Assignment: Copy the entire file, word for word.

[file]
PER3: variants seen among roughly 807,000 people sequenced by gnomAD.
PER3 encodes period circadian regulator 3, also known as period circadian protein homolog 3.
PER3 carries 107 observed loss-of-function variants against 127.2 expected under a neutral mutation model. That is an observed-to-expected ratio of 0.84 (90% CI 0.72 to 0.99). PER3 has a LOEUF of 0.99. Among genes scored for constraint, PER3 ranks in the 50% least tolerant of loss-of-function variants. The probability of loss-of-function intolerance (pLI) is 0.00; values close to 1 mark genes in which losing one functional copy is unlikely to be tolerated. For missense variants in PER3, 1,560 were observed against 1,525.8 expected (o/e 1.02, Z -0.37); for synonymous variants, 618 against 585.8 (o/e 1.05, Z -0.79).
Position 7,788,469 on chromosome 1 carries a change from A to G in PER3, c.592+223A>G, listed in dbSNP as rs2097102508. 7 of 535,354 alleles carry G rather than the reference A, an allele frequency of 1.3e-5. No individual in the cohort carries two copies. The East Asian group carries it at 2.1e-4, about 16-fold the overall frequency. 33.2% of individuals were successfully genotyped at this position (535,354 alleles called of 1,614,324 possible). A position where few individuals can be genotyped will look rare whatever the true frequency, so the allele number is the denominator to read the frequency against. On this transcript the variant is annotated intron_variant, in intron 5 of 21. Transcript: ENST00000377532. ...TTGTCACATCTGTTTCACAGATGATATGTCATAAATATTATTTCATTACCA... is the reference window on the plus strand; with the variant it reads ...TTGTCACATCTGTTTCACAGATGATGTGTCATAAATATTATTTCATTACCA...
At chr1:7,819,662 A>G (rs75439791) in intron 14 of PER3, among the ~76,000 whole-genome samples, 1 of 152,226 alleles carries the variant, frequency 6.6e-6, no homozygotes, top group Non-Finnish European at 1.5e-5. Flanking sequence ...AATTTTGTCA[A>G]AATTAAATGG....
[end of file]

PER3: variants seen among roughly 807,000 people sequenced by gnomAD.
PER3 encodes period circadian regulator 3, also known as period circadian protein homolog 3.
PER3 carries 107 observed loss-of-function variants against 127.2 expected under a neutral mutation model. That is an observed-to-expected ratio of 0.84 (90% CI 0.72 to 0.99). PER3 has a LOEUF of 0.99. Among genes scored for constraint, PER3 ranks in the 50% least tolerant of loss-of-function variants. The probability of loss-of-function intolerance (pLI) is 0.00; values close to 1 mark genes in which losing one functional copy is unlikely to be tolerated. For missense variants in PER3, 1,560 were observed against 1,525.8 expected (o/e 1.02, Z -0.37); for synonymous variants, 618 against 585.8 (o/e 1.05, Z -0.79).
Position 7,788,469 on chromosome 1 carries a change from A to G in PER3, c.592+223A>G, listed in dbSNP as rs2097102508. 7 of 535,354 alleles carry G rather than the reference A, an allele frequency of 1.3e-5. No individual in the cohort carries two copies. The East Asian group carries it at 2.1e-4, about 16-fold the overall frequency. 33.2% of individuals were successfully genotyped at this position (535,354 alleles called of 1,614,324 possible). A position where few individuals can be genotyped will look rare whatever the true frequency, so the allele number is the denominator to read the frequency against. On this transcript the variant is annotated intron_variant, in intron 5 of 21. Transcript: ENST00000377532. ...TTGTCACATCTGTTTCACAGATGATATGTCATAAATATTATTTCATTACCA... is the reference window on the plus strand; with the variant it reads ...TTGTCACATCTGTTTCACAGATGATGTGTCATAAATATTATTTCATTACCA...
At chr1:7,819,662 A>G (rs75439791) in intron 14 of PER3, among the ~76,000 whole-genome samples, 1 of 152,226 alleles carries the variant, frequency 6.6e-6, no homozygotes, top group Non-Finnish European at 1.5e-5. Flanking sequence ...AATTTTGTCA[A>G]AATTAAATGG....